Waiting can be an optimal conservation strategy, even in a crisis discipline

Iacona, Gwenllian D., Possingham, Hugh P., and Bode, Michael (2017) Waiting can be an optimal conservation strategy, even in a crisis discipline. Proceedings of the National Academy of Sciences of the United States of America, 114 (39). pp. 10497-10502.

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Biodiversity conservation projects confront immediate and escalating threats with limited funding. Conservation theory suggests that the best response to the species extinction crisis is to spend money as soon as it becomes available, and this is often an explicit constraint placed on funding. We use a general dynamic model of a conservation landscape to show that this decision to "front-load" project spending can be suboptimal if a delay allows managers to use resources more strategically. Our model demonstrates the existence of temporal efficiencies in conservation management, which parallel the spatial efficiencies identified by systematic conservation planning. The optimal timing of decisions balances the rate of biodiversity decline (e.g., the relaxation of extinction debts, or the progress of climate change) against the rate at which spending appreciates in value ( e.g., through interest, learning, or capacity building). We contrast the benefits of acting and waiting in two ecosystems where restoration can mitigate forest bird extinction debts: South Australia's Mount Lofty Ranges and Paraguay's Atlantic Forest. In both cases, conservation outcomes cannot be maximized byfront-loading spending, and the optimal solution recommends substantial delays before managers undertake conservation actions. Surprisingly, these delays allow superior conservation benefits to be achieved, in less time than front loading. Our analyses provide an intuitive and mechanistic rationale for strategic delay, which contrasts with the orthodoxy of front loaded spending for conservation actions. Our results illustrate the conservation efficiencies that could be achieved if decision makers choose when to spend their limited resources, as opposed to just where to spend them.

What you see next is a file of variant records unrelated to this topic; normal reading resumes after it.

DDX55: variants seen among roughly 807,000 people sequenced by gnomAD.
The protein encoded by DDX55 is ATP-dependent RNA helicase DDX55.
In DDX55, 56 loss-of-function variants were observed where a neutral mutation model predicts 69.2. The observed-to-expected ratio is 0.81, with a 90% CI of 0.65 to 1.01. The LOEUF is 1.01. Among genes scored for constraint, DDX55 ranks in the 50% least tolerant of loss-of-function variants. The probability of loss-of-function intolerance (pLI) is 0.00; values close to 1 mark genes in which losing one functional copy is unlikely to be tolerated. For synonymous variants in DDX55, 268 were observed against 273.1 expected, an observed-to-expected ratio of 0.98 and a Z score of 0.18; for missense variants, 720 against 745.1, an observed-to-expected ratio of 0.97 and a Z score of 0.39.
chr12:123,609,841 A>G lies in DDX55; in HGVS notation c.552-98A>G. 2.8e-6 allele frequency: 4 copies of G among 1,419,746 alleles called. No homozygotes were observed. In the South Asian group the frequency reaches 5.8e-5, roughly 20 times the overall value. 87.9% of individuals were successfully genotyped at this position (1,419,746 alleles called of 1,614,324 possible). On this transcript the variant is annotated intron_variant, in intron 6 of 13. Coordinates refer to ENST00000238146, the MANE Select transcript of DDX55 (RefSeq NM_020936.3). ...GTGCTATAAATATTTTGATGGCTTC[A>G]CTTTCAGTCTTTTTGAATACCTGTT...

Item ID: 51313
Item Type: Article (Research - C1)
ISSN: 1091-6490
Keywords: systematic conservation planning, extinction debt, conservation finance, dynamic optimization, forest restoration
Funders: ARC Centre of Excellence for Environmental Decisions, Australian Research Council (ARC)
Projects and Grants: ARC DE130100572, ARC Laureate Fellowship
Date Deposited: 25 Oct 2017 07:30
FoR Codes: 41 ENVIRONMENTAL SCIENCES > 4104 Environmental management > 410401 Conservation and biodiversity @ 100%
SEO Codes: 96 ENVIRONMENT > 9605 Ecosystem Assessment and Management > 960599 Ecosystem Assessment and Management not elsewhere classified @ 100%
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